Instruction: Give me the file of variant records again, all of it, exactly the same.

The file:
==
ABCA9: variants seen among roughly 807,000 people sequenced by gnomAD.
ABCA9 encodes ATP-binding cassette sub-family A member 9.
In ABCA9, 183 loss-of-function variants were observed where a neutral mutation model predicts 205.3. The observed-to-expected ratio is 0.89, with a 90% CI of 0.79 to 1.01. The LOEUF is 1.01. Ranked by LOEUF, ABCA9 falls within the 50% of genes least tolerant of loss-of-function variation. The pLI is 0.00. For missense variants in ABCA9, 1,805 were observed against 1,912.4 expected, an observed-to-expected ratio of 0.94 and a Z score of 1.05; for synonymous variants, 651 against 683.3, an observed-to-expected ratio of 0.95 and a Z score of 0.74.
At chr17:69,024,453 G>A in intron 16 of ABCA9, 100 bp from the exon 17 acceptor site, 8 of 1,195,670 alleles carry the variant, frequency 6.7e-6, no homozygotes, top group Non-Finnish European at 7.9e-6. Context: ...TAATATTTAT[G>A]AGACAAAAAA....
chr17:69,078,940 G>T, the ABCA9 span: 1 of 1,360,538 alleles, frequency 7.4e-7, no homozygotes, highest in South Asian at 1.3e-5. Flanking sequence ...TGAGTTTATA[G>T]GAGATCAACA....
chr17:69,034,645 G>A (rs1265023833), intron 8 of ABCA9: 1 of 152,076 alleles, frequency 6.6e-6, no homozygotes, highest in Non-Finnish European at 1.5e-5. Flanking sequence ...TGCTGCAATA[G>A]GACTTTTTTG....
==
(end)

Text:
ABCA9: variants seen among roughly 807,000 people sequenced by gnomAD.
ABCA9 encodes ATP-binding cassette sub-family A member 9.
In ABCA9, 183 loss-of-function variants were observed where a neutral mutation model predicts 205.3. The observed-to-expected ratio is 0.89, with a 90% CI of 0.79 to 1.01. The LOEUF is 1.01. Ranked by LOEUF, ABCA9 falls within the 50% of genes least tolerant of loss-of-function variation. The pLI is 0.00. For missense variants in ABCA9, 1,805 were observed against 1,912.4 expected, an observed-to-expected ratio of 0.94 and a Z score of 1.05; for synonymous variants, 651 against 683.3, an observed-to-expected ratio of 0.95 and a Z score of 0.74.
At chr17:69,024,453 G>A in intron 16 of ABCA9, 100 bp from the exon 17 acceptor site, 8 of 1,195,670 alleles carry the variant, frequency 6.7e-6, no homozygotes, top group Non-Finnish European at 7.9e-6. Context: ...TAATATTTAT[G>A]AGACAAAAAA....
chr17:69,078,940 G>T, the ABCA9 span: 1 of 1,360,538 alleles, frequency 7.4e-7, no homozygotes, highest in South Asian at 1.3e-5. Flanking sequence ...TGAGTTTATA[G>T]GAGATCAACA....
chr17:69,034,645 G>A (rs1265023833), intron 8 of ABCA9: 1 of 152,076 alleles, frequency 6.6e-6, no homozygotes, highest in Non-Finnish European at 1.5e-5. Flanking sequence ...TGCTGCAATA[G>A]GACTTTTTTG....